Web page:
Jennifer Aniston says that the studio threatened to fire two of the prominent cast members of Friends. The sitcom ran for ten seasons, from 1994 to 2004, and quickly became a hit with both critics and viewers. In the last, it was one of the most-watched TV shows ever. On May 27, HBO Max showed a special called “Friend: The Reunion,” which brought the show’s original stars back to the set.
The show “Friend” follows six friends as they go through their 20s and 30s in New York City. All of them are well-known TV characters. Jennifer Aniston plays Rachel, who travels with her childhood best friend Monica after leaving her soon-to-be-husband at the altar (Courtney Cox). She has had an on-and-off relationship with Monica’s brother, Ross, for the show’s whole run (David Schwimmer). Joey (Matt LeBlanc), Chandler (Matthew Perry), and Phoebe (Lisa Kudrow), who lives across the hall, are also in the group.
Fans may struggle to imagine the show without that core group of actors, but in an interview with THR, Aniston said that Warner Bros. executives had threatened to fire two of them. She says that the studio said this while the cast was renegotiating their salaries, telling the young actors that Friends could only work with four of them. She remembers, though, that they saw through that quickly. Here’s what she said next:
We did have much fun together. When we were young and stupid and trying to negotiate, the studio said, “Well, we don’t need all six of you.” We can do it with you four. ” “What?” we asked in shock. Can you do it? Rachel or Joey? Who do you think you can get rid of? ” I told them, “No, they can’t.” “Wake up.”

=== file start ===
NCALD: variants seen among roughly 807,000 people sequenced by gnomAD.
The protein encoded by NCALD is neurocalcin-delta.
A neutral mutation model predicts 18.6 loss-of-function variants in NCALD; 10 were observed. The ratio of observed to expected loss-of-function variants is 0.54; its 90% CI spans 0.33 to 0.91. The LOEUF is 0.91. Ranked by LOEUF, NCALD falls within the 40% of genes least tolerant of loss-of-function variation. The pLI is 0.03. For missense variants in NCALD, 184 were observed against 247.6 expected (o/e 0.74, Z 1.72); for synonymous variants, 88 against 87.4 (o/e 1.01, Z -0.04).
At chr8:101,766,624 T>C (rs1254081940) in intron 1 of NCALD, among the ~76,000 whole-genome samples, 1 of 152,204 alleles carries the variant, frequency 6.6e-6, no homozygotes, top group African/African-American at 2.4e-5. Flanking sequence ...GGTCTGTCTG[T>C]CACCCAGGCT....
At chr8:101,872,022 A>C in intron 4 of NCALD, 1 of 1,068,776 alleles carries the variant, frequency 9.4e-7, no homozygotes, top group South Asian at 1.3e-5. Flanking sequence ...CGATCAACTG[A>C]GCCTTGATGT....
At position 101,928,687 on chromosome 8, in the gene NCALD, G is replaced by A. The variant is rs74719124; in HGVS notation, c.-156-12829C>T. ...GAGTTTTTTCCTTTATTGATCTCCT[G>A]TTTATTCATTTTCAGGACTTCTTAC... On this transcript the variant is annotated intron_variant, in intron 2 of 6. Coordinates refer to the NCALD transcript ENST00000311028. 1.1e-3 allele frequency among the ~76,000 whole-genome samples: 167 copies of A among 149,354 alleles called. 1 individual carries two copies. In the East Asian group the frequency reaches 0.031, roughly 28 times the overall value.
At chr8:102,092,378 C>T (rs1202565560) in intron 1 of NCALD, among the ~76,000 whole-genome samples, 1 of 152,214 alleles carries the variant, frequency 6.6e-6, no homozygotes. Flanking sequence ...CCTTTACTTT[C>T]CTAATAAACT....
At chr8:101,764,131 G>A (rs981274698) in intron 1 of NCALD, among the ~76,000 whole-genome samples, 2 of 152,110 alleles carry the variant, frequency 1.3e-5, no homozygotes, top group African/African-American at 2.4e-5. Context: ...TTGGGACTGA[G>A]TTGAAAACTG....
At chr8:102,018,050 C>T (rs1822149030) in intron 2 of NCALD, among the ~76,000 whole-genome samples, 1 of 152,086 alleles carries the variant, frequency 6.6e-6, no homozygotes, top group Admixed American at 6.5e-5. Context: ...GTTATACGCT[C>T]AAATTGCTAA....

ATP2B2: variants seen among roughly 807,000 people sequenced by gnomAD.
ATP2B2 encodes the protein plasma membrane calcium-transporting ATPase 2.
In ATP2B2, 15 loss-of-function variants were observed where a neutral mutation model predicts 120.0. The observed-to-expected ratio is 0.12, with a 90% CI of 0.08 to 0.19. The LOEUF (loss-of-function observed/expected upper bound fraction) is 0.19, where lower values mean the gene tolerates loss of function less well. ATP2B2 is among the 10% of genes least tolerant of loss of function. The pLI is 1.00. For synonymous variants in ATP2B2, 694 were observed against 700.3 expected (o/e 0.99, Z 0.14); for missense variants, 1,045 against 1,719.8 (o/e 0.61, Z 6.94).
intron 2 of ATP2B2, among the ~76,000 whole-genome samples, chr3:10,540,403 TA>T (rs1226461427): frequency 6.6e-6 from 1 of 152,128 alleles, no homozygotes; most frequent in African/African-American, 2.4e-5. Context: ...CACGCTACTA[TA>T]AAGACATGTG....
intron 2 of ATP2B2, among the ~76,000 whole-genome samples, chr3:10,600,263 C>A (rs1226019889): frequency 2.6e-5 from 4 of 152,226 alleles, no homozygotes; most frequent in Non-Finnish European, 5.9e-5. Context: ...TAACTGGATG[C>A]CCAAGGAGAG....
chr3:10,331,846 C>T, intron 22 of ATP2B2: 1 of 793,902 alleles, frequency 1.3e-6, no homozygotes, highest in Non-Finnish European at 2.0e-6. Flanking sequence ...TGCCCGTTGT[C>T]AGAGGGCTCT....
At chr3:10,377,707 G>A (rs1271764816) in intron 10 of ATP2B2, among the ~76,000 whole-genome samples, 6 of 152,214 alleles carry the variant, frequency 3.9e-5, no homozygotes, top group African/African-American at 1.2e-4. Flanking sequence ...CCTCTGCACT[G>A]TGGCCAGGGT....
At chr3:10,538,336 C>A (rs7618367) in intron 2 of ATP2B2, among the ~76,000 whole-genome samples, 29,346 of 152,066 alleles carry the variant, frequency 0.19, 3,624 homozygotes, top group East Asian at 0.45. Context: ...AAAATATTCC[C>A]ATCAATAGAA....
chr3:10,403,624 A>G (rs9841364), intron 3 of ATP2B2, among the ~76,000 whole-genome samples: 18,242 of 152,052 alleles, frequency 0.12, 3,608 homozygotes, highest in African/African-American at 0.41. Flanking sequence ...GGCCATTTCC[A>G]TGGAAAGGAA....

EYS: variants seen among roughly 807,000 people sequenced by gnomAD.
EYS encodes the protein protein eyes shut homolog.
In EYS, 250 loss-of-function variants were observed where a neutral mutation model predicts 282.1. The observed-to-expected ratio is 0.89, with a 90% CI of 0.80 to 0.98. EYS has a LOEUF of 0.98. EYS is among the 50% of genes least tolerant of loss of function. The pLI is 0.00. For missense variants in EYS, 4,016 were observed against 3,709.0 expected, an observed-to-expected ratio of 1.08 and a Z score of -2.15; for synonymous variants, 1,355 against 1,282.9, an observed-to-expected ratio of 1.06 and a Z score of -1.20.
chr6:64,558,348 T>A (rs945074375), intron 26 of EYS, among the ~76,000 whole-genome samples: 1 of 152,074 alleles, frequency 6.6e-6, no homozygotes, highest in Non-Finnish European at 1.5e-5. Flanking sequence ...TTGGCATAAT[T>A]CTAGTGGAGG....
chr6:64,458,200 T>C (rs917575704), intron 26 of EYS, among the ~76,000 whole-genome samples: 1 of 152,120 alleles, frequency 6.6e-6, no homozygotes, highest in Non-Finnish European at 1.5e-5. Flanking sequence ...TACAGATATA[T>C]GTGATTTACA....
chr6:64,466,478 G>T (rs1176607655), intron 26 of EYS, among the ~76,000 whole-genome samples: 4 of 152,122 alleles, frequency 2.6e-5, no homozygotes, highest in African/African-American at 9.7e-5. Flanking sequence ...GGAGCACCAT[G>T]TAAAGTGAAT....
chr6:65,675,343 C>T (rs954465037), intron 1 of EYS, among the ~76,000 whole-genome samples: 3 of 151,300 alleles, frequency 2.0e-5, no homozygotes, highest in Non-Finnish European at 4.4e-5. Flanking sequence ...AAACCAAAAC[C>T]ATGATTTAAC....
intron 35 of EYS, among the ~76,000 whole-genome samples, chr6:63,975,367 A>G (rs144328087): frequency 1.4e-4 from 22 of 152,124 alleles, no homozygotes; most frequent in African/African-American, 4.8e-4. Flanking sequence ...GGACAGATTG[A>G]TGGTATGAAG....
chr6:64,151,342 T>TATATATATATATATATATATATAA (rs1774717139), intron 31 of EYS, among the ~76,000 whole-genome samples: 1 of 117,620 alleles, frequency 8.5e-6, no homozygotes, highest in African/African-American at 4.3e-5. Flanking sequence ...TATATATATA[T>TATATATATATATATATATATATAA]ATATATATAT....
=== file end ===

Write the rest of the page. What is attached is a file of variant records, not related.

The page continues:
During the ten seasons of Friends, the actors were often able to get better deals by putting pressure on the studio. Before season 3, all six agreed to work together and get the same pay. By seasons 9 and 10, they were still doing this. They made $1 million per episode, making Aniston, Cox, and Kudrow the best-paid TV actresses. From 2000 on, they could get royalties from syndication, which used only to be available to stars like Jerry Seinfeld, who owned their shows.
The sitcom was made so that each of the six stars could shine independently and as a group. But it was also vital that they get along well on screen. Suppose any of the main characters left during the show’s run. People wouldn’t like the show as much as they do now. When Friends fans hear that Warner Bros. threatened to fire two of the cast members, they are likely to laugh. Aniston and her co-stars called the studio’s bluff, which was good. And the stories of the characters were told from beginning to end.